Cost and marketing of alcohol under spotlight

liquor, alcoholThe New Zealand College of Public Health Medicine (NZCPHM) hopes the government will respond to New Zealanders’ concerns about the social impact of alcohol abuse.

This is underscored by New Zealand doctors wanting all teens banned from buying alcoholic drinks at the pub and pregnant women routinely warned not to let any alcohol pass their lips.

These are the key recommendations in a raft of new measures being touted by the New Zealand Medical Association to slash the country’s “worrying” alcohol harm statistics.

President of NZCPHM, Dr Caroline McElnay, said stories appear almost daily in the media highlighting both the human impact of alcohol abuse and the fact that the community wants a change in alcohol policy.

“We can’t continue to ignore the very significant social, health and economic issues caused by alcohol abuse in New Zealand.”

McElnay said many public health medicine specialists are on the front line when it comes to addressing the hazardous impacts of alcohol.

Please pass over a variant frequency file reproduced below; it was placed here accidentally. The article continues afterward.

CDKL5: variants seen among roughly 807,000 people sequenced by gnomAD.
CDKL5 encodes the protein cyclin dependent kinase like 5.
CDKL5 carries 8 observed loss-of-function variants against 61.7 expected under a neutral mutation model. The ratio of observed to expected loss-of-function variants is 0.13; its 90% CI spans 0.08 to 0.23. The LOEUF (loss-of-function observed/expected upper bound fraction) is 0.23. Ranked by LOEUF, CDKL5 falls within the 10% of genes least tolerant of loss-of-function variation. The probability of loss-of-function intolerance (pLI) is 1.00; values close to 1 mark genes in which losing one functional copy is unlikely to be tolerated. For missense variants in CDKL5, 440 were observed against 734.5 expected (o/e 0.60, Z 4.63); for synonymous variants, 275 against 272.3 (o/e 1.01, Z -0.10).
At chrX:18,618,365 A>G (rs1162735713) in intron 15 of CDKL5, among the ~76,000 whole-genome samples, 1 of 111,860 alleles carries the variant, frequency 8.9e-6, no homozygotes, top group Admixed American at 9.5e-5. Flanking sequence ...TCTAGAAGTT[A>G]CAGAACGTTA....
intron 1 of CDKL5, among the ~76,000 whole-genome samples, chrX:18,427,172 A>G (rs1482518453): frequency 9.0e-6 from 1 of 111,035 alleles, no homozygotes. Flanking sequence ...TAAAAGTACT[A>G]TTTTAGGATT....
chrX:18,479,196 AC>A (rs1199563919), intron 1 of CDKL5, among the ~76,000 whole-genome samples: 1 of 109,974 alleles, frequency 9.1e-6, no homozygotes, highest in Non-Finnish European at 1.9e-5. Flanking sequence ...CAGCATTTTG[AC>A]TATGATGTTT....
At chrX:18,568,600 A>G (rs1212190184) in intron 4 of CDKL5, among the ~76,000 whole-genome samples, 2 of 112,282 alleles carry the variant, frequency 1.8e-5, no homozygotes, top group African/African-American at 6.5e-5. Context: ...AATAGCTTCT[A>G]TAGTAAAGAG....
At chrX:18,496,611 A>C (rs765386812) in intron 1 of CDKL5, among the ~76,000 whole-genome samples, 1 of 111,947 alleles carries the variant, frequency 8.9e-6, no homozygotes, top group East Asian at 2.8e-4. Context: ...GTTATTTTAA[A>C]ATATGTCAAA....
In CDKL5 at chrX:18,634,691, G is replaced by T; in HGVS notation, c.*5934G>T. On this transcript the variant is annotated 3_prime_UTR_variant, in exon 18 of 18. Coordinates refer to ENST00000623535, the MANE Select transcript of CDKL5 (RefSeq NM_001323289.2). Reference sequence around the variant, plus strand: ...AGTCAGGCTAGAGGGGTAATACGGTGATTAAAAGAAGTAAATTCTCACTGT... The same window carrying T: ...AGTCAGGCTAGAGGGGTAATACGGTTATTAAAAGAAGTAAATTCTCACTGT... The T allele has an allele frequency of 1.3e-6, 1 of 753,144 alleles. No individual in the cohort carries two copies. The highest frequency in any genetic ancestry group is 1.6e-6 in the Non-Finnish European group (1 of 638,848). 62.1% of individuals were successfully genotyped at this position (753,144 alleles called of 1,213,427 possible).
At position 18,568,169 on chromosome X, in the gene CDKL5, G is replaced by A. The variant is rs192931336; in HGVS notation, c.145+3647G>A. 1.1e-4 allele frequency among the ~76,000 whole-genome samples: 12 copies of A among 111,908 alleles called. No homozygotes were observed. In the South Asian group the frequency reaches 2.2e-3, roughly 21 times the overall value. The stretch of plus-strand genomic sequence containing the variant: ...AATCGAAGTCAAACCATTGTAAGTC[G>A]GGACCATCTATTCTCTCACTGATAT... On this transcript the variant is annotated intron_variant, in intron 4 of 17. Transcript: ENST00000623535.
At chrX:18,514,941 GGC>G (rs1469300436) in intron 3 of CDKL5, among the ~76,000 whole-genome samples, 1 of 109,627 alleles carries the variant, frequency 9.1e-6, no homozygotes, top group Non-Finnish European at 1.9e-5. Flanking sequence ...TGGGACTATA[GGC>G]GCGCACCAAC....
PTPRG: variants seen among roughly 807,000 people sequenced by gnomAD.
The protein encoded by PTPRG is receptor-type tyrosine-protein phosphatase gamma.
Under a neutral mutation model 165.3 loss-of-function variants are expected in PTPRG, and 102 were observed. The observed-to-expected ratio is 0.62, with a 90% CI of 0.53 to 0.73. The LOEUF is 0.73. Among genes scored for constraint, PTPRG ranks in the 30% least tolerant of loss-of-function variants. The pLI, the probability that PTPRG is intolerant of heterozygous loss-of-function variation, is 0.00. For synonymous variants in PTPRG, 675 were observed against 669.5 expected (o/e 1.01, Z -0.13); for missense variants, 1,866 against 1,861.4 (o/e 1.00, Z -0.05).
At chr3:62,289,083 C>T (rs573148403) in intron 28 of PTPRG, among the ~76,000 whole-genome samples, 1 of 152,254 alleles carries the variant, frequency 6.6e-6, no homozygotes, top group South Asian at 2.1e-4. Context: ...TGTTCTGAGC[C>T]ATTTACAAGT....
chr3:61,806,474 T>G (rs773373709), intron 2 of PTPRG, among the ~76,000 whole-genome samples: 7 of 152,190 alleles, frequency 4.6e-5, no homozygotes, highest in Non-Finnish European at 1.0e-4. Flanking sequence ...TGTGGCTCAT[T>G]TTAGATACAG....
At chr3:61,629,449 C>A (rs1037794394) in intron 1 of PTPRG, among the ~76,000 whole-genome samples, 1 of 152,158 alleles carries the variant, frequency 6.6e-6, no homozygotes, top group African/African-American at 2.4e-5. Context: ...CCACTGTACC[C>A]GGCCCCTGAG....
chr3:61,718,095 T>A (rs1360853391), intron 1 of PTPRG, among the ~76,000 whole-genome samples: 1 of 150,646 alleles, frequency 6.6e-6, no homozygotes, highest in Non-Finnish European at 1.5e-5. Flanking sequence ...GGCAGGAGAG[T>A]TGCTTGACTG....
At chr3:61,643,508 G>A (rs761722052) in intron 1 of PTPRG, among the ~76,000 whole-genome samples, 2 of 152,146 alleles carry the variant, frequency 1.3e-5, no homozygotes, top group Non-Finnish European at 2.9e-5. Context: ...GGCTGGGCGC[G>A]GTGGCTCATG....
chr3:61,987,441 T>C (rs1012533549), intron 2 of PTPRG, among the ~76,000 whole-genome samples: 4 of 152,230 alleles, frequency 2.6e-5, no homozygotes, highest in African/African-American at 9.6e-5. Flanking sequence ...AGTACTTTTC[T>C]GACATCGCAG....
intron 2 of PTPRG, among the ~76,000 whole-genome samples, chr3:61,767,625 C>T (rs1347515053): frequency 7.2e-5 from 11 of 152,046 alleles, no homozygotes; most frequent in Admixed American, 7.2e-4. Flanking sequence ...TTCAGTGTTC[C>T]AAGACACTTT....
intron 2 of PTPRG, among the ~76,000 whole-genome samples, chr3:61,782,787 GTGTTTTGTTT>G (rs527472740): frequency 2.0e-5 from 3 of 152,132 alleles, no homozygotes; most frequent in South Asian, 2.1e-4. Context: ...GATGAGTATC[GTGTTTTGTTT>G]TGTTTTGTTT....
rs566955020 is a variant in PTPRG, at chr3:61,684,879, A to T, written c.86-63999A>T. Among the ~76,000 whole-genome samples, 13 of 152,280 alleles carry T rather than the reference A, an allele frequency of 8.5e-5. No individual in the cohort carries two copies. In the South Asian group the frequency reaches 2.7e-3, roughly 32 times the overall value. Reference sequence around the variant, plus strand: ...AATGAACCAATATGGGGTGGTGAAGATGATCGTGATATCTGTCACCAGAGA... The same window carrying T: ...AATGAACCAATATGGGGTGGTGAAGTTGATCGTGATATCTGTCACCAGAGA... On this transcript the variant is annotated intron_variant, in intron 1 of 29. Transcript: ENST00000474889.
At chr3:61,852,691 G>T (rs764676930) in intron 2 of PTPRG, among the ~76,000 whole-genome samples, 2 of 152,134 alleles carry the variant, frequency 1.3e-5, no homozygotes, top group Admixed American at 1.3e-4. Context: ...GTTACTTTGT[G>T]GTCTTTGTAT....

“They are increasingly feeling the new legislation is a toothless mechanism that doesn’t reduce alcohol-related harm.

“The alcohol industry and supermarkets seem to be the only winners.”

McElnay said alcohol abuse causes up to 35 per cent of injury-based presentations into New Zealand’s accident and emergency departments and this increases to 70 per cent during the weekend.

“Both the college and now the New Zealand Medical Association (NZMA) have strong policies designed to reduce alcohol-related harm.

“In particular, we agree with the NZMA that the price of alcohol needs to increase and the marketing and promotion of alcohol must be phased out.

“These strategies have been successful in reducing smoking rates and we need to take the same approach with alcohol which, in many instances, can be just as harmful.”

McElnay said the policies proposed by the college and the NZMA reflect research and expert opinion on the dangers of alcohol abuse, and the clear call by New Zealanders that things have to change as the focus should not be on supermarket and alcohol industry profits but the wellbeing of the populace.

“We urge the government to heed these calls and to act now to help protect our communities from the dangers that our current alcohol culture brings.”

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